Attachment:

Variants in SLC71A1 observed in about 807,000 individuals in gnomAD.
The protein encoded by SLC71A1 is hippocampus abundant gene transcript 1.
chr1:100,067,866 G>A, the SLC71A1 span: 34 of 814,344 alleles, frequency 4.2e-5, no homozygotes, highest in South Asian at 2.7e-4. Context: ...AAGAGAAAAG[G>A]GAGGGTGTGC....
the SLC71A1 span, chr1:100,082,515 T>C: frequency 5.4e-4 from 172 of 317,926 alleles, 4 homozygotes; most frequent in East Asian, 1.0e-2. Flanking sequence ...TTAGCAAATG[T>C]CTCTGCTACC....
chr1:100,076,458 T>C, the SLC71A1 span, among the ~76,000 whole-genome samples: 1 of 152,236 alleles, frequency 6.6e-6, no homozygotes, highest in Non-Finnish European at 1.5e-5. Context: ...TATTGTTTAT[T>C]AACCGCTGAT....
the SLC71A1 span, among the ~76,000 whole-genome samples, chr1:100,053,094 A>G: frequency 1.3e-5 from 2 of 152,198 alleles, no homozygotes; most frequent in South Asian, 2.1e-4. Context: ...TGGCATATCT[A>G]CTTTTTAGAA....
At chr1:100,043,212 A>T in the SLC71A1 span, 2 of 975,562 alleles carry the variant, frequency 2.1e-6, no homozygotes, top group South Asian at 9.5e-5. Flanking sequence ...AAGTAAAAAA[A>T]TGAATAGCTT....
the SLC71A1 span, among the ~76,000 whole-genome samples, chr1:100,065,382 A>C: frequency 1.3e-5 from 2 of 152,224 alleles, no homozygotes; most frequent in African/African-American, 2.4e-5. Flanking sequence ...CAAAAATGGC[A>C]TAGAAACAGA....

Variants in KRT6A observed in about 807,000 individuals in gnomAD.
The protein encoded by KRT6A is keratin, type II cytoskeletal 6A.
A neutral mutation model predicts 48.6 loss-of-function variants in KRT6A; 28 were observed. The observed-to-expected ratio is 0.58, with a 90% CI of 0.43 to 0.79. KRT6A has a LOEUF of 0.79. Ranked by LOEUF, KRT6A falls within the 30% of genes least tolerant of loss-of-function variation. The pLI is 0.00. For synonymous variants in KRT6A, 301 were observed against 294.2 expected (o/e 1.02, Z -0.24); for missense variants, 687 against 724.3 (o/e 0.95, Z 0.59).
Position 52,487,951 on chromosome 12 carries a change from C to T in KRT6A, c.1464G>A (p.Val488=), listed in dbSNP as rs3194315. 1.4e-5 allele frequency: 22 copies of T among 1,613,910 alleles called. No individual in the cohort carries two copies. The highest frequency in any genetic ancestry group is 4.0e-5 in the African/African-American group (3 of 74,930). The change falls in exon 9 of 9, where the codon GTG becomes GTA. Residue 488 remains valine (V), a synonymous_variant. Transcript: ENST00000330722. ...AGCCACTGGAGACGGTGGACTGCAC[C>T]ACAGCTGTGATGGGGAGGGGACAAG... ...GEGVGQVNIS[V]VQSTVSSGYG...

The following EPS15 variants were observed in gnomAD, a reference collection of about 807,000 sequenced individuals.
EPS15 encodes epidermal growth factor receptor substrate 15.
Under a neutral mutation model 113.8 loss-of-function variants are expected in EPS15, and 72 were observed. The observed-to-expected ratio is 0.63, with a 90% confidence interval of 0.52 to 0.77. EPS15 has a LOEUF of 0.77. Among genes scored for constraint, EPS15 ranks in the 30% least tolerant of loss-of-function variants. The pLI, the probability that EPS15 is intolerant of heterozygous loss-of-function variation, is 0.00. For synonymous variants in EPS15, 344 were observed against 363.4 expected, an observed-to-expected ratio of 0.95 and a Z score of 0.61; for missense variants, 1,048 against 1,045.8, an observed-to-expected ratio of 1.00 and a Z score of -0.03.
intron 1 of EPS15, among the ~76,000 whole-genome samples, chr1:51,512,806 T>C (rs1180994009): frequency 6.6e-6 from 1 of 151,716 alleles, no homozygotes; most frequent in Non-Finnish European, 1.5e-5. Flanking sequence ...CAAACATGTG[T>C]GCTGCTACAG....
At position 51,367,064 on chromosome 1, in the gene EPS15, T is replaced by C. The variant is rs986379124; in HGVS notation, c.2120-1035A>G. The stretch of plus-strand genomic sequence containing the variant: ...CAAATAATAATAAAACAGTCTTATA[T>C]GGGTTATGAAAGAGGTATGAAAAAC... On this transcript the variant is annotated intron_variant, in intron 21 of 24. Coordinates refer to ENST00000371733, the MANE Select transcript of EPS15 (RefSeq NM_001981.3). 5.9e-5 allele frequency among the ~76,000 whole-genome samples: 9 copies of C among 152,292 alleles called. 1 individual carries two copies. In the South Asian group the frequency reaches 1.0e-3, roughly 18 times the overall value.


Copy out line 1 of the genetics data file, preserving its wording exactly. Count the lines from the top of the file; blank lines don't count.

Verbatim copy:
Variants in SLC71A1 observed in about 807,000 individuals in gnomAD.